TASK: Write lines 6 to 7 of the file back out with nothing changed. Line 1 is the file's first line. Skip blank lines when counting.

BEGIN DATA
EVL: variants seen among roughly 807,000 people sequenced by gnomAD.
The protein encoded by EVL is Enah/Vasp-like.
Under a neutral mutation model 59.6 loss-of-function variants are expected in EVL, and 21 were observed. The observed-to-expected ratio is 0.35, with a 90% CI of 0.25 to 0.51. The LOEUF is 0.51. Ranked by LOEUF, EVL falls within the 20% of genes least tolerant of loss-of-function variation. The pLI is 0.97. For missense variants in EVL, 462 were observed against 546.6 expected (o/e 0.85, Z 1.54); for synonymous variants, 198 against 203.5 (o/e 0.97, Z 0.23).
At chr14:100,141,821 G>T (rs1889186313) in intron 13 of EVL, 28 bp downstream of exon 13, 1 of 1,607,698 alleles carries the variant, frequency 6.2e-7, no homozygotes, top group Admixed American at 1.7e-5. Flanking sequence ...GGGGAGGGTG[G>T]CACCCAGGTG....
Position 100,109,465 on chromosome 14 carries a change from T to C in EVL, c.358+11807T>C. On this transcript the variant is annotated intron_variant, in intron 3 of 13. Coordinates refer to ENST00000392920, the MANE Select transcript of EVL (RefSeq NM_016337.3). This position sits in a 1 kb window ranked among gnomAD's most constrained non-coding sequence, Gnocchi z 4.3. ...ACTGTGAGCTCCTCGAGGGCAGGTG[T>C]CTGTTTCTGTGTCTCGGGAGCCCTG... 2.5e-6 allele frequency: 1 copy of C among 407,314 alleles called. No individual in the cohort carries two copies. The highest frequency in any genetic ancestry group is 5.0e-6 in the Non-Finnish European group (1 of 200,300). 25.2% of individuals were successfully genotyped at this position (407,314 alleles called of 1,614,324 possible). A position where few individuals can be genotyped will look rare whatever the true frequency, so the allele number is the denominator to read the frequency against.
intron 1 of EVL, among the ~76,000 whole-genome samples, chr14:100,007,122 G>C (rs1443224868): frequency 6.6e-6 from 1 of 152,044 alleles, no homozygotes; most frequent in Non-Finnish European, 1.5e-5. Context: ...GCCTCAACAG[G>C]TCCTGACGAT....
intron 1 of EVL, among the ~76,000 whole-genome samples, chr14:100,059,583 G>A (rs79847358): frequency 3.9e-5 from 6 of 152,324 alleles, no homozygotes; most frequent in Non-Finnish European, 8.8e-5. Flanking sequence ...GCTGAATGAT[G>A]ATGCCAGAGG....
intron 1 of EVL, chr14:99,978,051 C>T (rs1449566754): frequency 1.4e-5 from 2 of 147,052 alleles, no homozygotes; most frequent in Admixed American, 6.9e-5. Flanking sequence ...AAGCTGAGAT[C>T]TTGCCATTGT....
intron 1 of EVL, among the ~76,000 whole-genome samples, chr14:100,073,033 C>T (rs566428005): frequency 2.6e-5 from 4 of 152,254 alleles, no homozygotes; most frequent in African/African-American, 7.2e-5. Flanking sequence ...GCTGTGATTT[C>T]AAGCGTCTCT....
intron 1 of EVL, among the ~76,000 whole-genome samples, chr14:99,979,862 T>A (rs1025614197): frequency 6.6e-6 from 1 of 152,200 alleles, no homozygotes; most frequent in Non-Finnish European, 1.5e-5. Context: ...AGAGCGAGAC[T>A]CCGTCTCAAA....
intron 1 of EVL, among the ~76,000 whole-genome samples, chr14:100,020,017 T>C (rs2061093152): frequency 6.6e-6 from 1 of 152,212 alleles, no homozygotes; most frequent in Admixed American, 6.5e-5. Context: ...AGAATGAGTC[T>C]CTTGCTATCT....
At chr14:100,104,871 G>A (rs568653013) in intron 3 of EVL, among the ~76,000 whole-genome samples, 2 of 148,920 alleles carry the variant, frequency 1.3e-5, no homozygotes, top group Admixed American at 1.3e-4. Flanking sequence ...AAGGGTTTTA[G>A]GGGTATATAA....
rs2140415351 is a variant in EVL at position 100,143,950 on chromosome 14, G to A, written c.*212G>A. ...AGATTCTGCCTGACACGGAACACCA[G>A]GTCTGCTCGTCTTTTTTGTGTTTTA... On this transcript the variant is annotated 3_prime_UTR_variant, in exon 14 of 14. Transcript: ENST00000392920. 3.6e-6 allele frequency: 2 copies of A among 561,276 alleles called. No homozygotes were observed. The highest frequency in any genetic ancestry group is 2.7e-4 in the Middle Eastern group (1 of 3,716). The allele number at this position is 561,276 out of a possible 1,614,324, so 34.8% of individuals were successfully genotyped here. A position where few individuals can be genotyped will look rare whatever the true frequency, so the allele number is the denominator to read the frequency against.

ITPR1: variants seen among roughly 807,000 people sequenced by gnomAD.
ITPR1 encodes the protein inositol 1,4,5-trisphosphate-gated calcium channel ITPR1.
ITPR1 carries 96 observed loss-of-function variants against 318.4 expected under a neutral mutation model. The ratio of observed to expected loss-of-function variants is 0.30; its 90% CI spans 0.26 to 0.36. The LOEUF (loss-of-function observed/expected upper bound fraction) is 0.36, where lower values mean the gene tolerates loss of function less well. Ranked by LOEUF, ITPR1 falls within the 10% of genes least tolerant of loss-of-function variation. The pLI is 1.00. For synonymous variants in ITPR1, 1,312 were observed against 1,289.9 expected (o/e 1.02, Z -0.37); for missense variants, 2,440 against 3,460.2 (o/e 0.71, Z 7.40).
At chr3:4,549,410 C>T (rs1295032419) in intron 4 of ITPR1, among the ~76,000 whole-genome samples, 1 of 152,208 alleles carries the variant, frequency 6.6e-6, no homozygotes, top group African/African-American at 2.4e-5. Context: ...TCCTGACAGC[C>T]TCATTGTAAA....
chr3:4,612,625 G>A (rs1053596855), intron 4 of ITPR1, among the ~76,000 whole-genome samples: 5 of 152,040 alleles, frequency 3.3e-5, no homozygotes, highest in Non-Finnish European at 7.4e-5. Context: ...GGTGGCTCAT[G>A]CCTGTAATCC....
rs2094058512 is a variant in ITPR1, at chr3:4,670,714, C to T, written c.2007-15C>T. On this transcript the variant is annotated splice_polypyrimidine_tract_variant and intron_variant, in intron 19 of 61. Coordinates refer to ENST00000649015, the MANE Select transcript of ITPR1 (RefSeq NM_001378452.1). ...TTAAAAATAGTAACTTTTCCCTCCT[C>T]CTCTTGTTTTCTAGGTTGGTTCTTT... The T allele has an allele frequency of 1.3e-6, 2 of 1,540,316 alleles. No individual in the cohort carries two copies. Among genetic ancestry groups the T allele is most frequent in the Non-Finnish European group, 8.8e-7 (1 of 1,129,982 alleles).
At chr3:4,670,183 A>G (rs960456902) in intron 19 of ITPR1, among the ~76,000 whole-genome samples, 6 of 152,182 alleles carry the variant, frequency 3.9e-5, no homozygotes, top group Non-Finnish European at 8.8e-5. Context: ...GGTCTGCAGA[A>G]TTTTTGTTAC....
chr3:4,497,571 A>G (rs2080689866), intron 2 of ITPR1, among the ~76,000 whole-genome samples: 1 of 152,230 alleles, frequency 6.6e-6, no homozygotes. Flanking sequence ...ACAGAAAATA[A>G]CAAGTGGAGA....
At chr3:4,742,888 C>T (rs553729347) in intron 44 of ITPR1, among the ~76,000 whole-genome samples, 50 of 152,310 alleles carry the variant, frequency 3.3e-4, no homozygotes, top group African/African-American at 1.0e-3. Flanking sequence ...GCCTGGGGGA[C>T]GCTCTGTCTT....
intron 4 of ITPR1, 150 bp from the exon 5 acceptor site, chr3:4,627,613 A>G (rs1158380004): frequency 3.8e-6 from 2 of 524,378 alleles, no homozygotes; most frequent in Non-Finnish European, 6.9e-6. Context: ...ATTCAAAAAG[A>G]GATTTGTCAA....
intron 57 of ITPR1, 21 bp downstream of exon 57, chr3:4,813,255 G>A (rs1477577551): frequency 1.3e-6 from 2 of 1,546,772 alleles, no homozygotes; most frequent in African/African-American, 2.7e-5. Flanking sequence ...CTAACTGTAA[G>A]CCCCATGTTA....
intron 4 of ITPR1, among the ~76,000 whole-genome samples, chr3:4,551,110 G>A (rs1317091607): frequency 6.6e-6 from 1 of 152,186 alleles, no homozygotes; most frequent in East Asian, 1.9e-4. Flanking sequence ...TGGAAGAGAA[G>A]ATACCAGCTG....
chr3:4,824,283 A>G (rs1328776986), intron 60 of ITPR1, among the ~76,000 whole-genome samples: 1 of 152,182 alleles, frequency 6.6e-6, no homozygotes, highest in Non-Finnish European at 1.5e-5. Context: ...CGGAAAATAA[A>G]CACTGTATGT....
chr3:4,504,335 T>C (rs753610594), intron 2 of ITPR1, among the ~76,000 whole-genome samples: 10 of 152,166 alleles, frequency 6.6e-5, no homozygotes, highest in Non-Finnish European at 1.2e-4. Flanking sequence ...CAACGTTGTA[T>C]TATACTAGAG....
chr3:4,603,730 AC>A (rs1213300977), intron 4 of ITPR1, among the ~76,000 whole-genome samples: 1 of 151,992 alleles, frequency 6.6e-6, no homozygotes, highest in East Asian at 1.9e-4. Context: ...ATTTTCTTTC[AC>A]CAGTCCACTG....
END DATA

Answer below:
intron 1 of EVL, among the ~76,000 whole-genome samples, chr14:100,007,122 G>C (rs1443224868): frequency 6.6e-6 from 1 of 152,044 alleles, no homozygotes; most frequent in Non-Finnish European, 1.5e-5. Context: ...GCCTCAACAG[G>C]TCCTGACGAT....
intron 1 of EVL, among the ~76,000 whole-genome samples, chr14:100,059,583 G>A (rs79847358): frequency 3.9e-5 from 6 of 152,324 alleles, no homozygotes; most frequent in Non-Finnish European, 8.8e-5. Flanking sequence ...GCTGAATGAT[G>A]ATGCCAGAGG....